"We Love Miss Cathie"
Note: On Thursday Nov. 21, Cathie Hayes had her surgery. All went well, and she went home that night.
For more pictures, go to Your Permanent Record.
By Kim Underwood
Winston-Salem/Forsyth County Schools
NOVEMBER 20, 2019 – It was only after Southeast seventh-grader Tiffany Woods dressed for school that she remembered that everyone had been invited to wear pink to show their support of Cathie Hayes – known to people throughout the building as Miss Cathie.
Tiffany wasn’t about to go to school not wearing pink.
“She said, “I have to change my clothes,’’ said her mother Veronica Fogle.
When her mother dropped her off on Wednesday Nov. 20, Tiffany was dressed all in pink.
Inside the building, teachers, secretaries, administrators and students were wearing pink, too.
Hayes, who has been the lead custodian at Southeast Middle since 2001, has breast cancer. Wednesday was her last day at work for a time. On Thursday, she will have surgery, and they were wearing pink it to show how much she means to them.
“She is Southeast Middle,” said Principal Stephanie Gentry. “I joke around and say she is in charge. She is the epitome of what Southeast is all about.”
Shortly after students arrived Wednesday morning, many of them gathered in one of the halls and had a teacher call Hayes to say there was a big mess. When she showed up to take care of it, they surprised her with Get Well cards that each of them had made for her.
Asked how it made her feel, she said, “Overwhelmed.”
Later in the morning, Miss Cathie took a seat in the office, and, one person after another stopped by to tell her how much she means to them and to wish her the best as she heals.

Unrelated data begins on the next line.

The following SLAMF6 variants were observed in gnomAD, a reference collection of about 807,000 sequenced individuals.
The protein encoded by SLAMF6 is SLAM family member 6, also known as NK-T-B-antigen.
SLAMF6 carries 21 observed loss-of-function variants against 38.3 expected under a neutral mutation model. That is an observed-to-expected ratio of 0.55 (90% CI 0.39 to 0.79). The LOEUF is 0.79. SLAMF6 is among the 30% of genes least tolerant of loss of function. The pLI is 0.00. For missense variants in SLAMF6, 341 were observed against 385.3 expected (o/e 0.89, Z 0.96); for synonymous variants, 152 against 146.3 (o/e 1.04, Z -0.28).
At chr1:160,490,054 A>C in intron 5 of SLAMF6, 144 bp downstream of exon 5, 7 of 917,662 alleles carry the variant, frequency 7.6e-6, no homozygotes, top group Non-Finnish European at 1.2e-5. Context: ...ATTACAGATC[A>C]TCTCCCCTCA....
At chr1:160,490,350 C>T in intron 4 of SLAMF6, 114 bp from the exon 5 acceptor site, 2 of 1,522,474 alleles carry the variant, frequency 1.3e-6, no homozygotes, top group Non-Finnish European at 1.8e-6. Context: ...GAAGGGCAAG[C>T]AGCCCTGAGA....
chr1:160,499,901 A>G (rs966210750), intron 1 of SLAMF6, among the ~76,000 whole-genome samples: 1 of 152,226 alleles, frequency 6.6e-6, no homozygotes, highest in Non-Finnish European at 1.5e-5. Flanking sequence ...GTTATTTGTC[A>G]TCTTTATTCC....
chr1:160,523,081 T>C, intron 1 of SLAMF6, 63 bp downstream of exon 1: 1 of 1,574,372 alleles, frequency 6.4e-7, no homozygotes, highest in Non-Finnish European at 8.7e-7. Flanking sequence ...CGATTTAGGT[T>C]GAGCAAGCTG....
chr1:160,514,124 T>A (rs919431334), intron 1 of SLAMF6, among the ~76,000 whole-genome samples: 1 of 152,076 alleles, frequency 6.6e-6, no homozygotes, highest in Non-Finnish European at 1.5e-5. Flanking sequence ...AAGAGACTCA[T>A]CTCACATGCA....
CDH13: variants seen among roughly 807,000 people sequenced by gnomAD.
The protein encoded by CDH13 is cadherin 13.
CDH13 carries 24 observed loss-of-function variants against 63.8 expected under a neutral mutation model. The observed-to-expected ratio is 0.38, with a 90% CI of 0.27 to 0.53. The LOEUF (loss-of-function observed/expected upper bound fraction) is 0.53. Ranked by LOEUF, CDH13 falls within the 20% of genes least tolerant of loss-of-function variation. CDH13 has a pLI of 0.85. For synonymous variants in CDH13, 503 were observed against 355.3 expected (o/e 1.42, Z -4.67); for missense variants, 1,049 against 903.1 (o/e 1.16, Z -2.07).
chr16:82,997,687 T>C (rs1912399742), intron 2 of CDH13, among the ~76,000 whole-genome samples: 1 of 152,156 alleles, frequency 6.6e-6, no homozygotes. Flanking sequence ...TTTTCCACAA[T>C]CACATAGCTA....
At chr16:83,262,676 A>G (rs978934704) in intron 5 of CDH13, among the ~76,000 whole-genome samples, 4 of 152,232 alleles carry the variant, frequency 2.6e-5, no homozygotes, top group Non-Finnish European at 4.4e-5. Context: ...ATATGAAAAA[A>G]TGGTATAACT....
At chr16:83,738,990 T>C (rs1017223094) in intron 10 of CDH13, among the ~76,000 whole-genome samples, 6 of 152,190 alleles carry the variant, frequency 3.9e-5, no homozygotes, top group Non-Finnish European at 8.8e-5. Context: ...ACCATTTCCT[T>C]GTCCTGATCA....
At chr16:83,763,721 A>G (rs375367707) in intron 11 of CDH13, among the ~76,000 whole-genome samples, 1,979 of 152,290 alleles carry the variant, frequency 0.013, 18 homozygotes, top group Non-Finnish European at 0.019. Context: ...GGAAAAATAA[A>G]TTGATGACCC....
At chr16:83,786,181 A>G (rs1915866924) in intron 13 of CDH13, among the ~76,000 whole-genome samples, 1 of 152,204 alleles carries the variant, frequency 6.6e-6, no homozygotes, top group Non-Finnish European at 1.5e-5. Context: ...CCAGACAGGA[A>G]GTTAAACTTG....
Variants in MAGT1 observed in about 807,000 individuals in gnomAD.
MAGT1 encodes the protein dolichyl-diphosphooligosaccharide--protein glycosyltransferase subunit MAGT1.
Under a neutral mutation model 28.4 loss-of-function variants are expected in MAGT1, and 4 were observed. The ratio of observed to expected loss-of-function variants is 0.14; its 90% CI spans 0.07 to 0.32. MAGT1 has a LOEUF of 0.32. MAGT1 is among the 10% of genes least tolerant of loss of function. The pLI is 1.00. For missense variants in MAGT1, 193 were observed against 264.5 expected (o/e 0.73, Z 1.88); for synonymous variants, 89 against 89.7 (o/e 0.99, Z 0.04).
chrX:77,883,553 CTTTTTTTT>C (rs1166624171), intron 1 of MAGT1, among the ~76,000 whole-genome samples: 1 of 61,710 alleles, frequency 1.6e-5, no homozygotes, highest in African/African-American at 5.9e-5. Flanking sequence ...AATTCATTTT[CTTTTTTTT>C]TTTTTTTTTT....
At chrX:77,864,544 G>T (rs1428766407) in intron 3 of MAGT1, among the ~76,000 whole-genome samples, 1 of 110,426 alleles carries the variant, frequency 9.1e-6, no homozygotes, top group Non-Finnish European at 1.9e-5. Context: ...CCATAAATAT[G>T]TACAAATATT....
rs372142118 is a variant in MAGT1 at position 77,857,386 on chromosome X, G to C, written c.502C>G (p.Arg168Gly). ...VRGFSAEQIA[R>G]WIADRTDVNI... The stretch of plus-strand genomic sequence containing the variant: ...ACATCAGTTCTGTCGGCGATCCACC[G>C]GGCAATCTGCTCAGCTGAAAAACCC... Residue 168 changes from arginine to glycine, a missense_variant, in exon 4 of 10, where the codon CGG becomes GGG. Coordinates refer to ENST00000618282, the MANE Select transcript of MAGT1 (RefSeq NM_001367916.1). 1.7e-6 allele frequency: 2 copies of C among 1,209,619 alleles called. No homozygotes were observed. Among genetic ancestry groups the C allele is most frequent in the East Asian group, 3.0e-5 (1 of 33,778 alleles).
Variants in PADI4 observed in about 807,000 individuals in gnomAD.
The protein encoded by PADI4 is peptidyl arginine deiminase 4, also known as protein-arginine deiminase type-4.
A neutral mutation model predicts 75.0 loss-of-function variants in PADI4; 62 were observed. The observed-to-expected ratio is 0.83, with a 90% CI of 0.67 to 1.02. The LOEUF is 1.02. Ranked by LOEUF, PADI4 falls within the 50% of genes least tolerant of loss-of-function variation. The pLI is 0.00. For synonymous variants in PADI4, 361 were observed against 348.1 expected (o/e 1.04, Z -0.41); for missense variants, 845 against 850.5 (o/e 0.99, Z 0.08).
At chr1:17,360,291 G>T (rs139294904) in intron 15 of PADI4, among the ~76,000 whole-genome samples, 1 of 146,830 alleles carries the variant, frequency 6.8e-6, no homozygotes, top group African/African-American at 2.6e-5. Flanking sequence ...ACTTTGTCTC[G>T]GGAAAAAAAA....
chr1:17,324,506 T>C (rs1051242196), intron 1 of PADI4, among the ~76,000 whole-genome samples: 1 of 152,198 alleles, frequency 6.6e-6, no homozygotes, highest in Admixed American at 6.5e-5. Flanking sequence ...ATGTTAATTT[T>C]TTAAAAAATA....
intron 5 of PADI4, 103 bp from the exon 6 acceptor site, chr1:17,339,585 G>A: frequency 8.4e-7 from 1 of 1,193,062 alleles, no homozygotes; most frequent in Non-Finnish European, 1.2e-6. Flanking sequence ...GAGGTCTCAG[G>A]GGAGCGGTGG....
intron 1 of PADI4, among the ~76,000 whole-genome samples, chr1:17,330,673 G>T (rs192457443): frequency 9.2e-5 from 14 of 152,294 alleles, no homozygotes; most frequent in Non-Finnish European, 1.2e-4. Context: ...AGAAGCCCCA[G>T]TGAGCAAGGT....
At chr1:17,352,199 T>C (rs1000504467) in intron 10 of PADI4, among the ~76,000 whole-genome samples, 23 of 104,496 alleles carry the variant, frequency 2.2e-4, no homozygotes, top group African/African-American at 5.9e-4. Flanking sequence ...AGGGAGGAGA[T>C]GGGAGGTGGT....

Keeping her company were two stuffed pink sloths that Jill Whitaker, the lead secretary, had bought. Whitaker chose sloths because they have long arms – good for giving hugs. When kindergarten student Pheobe Croghan stopped by, she named one of them Pinkie.
“Cathie is so wonderful,” Whitaker said. She is like a momma and a grandma to everybody here.”
“I can’t say enough good things about her.”
When asked what makes Miss Cathie special, one person after another talked about how she’s like everyone’s mother or grandmother and how she goes far beyond her official job duties in taking care of people.
“She is so sweet, kind and caring,” said School Counselor Stacey Marshall Buie. “She is Momma of the school.”
Hayes is happy to do anything that people ask, people said, and she does nice things that people wouldn’t dream of asking her to do.
One morning, Vanessa Mills, who is a business education teacher, happened to mention to Hayes that she hadn’t had her coffee. The next thing Mills knew, Hayes had brewed a pot and brought her a cup of hot coffee.
“She is a loving and caring person,” Mills said.
“She goes out of her way,” said Pam Moore, who is an Exceptional Children (EC) teacher. “We love Miss Cathie.”
Some people already owned pink clothing – either because they like pink or they had bought pink clothes earlier to support people with breast cancer. That was the case with Jenny Watson, an FACS (Family and Consumer Sciences) teacher.
Standing in the hall with fellow teacher Dedria Davis-King, Watson said both have breast cancer survivors in their families. Miss Cathie keeps up with everyone’s family, they said, and she would regularly ask their family members were doing.